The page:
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Vatican admonishes Austrian cardinal for comments

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VATICAN CITY (AP) — The Vatican on Monday admonished a leading cardinal for having publicly criticized the former Vatican No. 2 for his handling of clerical abuse cases.

In a remarkable statement, the Vatican said only the pope can make such accusations against a cardinal, not another so-called prince of the church.

In April, Vienna's archbishop, Cardinal Christoph Schoenborn, accused the former Vatican secretary of state, Cardinal Angelo Sodano, of blocking a probe into a sex abuse scandal that rocked Austria's church 15 years ago.

Schoenborn also accused Sodano of causing "massive harm" to victims when he dismissed claims of clerical abuse as "petty gossip" on Easter Sunday.

The Vatican sought to clarify Sodano's comments, noting Monday that the pope himself had used the "petty gossip" phrase a week earlier, referring to the need to have "courage to not be intimidated by the petty gossip of dominant opinions."

The phrase, and Sodano's repetition of it, sparked widespread criticism that the Vatican simply didn't appreciate the significance of the clerical abuse scandal. It also suggested the Vatican thought the hundreds of reports of abuse flooding in, and the questions that were being asked about the Vatican's handling of abuse for decades, was mere gossip.

The Vatican said that interpretation was "erroneous," although it didn't explain what the pontiff or Sodano meant by the phrase. The Vatican said both men felt compassion for victims and condemnation for those behind the abuse.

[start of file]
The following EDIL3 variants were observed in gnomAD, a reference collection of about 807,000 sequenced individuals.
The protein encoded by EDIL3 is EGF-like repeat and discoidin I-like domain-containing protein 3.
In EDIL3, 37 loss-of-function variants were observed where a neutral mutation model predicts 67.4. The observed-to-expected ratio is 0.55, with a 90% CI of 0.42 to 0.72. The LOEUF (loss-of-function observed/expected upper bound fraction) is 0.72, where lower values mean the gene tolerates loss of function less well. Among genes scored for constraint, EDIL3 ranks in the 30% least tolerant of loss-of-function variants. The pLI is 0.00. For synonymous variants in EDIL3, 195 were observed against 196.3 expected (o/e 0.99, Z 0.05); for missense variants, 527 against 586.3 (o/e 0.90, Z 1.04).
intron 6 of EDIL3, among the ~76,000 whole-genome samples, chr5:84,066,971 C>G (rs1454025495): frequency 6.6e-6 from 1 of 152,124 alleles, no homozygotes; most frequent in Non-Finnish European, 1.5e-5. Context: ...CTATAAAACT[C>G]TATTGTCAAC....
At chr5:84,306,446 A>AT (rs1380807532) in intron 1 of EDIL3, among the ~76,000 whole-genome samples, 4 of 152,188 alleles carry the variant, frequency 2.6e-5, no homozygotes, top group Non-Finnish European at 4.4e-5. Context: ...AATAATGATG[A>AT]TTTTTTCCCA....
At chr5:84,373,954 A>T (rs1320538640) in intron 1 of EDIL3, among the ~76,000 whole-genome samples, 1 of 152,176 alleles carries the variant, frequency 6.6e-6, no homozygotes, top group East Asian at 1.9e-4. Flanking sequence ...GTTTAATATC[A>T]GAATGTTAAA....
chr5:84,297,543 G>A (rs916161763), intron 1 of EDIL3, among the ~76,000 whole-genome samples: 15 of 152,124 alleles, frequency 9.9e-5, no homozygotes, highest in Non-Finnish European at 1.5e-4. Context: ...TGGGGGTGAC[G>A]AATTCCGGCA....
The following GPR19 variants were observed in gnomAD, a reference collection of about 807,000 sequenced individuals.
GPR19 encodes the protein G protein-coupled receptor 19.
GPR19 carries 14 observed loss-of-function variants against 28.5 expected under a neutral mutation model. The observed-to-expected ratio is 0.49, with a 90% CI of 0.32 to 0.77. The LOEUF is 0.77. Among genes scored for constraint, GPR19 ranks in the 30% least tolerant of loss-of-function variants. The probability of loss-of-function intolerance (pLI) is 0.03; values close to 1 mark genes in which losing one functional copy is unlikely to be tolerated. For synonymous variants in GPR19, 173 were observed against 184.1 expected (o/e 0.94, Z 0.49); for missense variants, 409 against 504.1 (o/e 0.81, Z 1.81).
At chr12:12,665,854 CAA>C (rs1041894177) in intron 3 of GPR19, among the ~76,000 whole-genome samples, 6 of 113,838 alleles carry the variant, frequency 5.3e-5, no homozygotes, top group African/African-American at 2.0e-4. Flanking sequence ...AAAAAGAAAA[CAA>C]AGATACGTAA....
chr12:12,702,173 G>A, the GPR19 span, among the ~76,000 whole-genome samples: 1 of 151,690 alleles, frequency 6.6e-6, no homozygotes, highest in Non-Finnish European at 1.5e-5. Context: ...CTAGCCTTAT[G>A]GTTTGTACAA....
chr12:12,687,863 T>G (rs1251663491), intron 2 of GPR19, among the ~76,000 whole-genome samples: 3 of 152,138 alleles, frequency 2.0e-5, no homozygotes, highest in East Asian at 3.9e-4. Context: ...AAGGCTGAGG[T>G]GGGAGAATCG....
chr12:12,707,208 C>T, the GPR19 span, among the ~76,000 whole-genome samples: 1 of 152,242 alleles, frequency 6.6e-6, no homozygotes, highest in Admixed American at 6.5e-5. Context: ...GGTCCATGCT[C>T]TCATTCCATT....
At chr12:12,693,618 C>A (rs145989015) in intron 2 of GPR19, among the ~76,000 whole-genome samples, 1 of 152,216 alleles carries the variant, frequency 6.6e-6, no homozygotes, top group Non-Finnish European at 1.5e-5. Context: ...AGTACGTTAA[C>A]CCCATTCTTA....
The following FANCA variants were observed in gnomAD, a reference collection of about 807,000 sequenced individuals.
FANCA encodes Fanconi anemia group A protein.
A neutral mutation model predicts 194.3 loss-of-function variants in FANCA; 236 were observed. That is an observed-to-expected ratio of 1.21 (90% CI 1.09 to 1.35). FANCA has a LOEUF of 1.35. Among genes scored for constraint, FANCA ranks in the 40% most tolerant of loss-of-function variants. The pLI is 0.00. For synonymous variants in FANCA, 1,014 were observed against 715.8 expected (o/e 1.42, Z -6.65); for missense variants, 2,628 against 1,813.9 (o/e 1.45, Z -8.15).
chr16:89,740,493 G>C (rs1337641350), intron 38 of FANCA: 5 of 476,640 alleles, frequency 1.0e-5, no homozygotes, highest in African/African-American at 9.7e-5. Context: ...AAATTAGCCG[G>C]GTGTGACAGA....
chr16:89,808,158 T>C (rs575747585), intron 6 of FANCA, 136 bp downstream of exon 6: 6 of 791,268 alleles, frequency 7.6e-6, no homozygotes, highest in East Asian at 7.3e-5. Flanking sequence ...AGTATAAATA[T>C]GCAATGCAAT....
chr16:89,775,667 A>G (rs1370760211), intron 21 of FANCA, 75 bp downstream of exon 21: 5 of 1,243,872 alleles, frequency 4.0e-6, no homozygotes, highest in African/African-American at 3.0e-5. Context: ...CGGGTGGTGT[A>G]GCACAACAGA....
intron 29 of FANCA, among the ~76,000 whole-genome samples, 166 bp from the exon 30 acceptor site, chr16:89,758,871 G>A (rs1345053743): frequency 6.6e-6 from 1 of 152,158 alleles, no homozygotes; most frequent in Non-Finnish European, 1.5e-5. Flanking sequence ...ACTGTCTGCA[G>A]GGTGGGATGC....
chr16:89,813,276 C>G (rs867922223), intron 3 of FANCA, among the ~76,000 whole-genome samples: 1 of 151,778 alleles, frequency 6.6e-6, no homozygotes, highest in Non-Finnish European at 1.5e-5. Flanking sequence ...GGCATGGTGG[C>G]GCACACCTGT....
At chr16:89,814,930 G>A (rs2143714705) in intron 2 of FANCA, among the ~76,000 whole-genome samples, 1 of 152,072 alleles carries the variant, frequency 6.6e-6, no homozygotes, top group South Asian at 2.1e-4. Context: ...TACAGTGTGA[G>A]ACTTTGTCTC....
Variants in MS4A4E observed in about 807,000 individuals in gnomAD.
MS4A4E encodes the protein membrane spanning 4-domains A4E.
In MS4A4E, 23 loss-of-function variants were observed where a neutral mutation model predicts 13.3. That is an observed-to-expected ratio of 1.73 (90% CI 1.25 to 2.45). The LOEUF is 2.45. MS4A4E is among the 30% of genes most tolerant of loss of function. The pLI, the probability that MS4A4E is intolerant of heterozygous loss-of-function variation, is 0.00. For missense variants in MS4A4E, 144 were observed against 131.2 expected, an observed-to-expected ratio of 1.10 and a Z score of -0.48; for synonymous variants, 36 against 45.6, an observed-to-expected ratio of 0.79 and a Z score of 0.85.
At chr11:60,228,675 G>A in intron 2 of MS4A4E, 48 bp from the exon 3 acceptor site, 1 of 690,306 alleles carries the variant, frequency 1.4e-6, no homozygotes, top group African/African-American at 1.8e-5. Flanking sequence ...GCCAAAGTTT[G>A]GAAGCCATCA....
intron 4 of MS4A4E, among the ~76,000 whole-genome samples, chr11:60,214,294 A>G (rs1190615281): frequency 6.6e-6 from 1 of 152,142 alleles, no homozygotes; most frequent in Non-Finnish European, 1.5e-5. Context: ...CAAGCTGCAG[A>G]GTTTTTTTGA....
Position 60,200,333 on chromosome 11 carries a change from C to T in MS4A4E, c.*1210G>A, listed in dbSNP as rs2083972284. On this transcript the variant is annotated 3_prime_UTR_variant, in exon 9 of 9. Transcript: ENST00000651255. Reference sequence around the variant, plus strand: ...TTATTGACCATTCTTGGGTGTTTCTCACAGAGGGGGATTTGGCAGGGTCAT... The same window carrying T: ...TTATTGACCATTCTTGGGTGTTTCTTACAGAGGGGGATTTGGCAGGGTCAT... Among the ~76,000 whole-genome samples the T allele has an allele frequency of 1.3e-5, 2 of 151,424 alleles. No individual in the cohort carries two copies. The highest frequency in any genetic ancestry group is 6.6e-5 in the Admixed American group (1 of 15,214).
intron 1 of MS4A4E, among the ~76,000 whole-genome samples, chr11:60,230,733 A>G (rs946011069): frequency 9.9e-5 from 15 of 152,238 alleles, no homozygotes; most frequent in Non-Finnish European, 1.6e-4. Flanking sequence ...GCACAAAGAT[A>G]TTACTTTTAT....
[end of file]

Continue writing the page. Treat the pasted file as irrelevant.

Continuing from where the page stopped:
The Holy See issued the statement after Schoenborn met with the pontiff in a private audience. The audience was then broadened to include Sodano and the current Vatican secretary of state, Cardinal Tarcisio Bertone.

Schoenborn, a former student of the pope's and a papal confidante, has been a leading figure in the abuse crisis, forcefully denouncing abuse, presiding over service of reparations for victims and openly calling for an honest examination of issues like celibacy.

His comments about Sodano were remarkable in that they were directed at Pope John Paul II's No. 2, who has already come under fire for his alleged stonewalling of a Vatican investigation into the founder of the Legionaries of Christ, who was found to have abused seminarians and fathered at least three children.

Schoenborn made the comments April 28 to a select group of Austrian journalists. The comments were later summarized by the Catholic news agency Kathpress and picked up by media around the world.

In the discussion, Schoenborn blamed Sodano for having blocked an investigation of sex abuse allegations against the late Austrian Cardinal Hans Hermann Groer.

The scandal surrounding the former Vienna archbishop broke in 1995, when a former student at a boy's seminary in the town of Hollabrunn alleged that he abused him repeatedly in the early 1970s. Other accusations followed. Groer stepped down shortly after the first allegations surfaced — officially due to old age. He died in 2003 but never admitted any guilt.

Schoenborn, who succeeded Groer as Vienna archbishop, said the pope — known then as Josef Ratzinger and head of the Vatican's Congregation for the Doctrine of the Faith — had immediately pushed for an investigative commission when abuse allegations against Groer arose.

However, he said, others in the Vatican did not let this happen.

His comments in defense of the pontiff came at a time when Benedict himself was coming under fire for his handling of abuse cases both during his time as archbishop of Munich and as the head of the Vatican's doctrine office.

The Vatican statement Monday recalled that "in the church, only the pope has the competence to deal with accusations against a cardinal; other instances can have a consultation function, but always with the necessary respect for the people involved."

In other comments on April 28, Schoenborn was quoted as saying the quality of a gay relationship should be taken into greater consideration, the church needed a new perspective on the remarriage of divorcees, and it was no secret the Vatican government was "in urgent need of reform."


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